|Publication Type||Journal Article|
|Year of Publication||2010|
|Authors||Margolin, AA, Wang, K, Califano, A, Nemenman, I|
|Journal||IET systems biology|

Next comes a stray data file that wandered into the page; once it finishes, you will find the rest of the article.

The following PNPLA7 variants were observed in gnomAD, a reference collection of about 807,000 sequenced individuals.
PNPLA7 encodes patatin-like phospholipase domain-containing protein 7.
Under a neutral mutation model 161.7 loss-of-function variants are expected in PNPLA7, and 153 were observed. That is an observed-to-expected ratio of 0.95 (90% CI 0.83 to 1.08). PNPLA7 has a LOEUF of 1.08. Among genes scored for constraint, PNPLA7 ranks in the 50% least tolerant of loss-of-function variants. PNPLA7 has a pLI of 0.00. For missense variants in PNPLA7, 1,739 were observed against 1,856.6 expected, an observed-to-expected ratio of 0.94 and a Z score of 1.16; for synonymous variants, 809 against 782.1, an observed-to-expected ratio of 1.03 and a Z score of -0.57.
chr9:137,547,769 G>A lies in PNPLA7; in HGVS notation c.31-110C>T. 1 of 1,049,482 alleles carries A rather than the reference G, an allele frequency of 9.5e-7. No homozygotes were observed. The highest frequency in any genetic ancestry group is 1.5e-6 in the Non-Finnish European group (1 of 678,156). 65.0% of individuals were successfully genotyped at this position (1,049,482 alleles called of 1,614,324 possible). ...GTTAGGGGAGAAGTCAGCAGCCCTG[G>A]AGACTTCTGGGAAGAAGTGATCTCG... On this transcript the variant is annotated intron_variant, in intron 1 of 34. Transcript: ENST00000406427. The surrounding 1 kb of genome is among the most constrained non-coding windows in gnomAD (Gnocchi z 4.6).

A critical task in systems biology is the identification of genes that interact to control cellular processes by transcriptional activation of a set of target genes. Many methods have been developed that use statistical correlations in high-throughput data sets to infer such interactions. However, cellular pathways are highly cooperative, often requiring the joint effect of many molecules. Few methods have been proposed to explicitly identify such higher-order interactions, partially due to the fact that the notion of multivariate statistical dependence itself remains imprecisely defined. The authors define the concept of dependence among multiple variables using maximum entropy techniques and introduce computational tests for their identification. Synthetic network results reveal that this procedure uncovers dependencies even in undersampled regimes, when the joint probability distribution cannot be reliably estimated. Analysis of microarray data from human B cells reveals that third-order statistics, but not second-order ones, uncover relationships between genes that interact in a pathway to cooperatively regulate a common set of targets.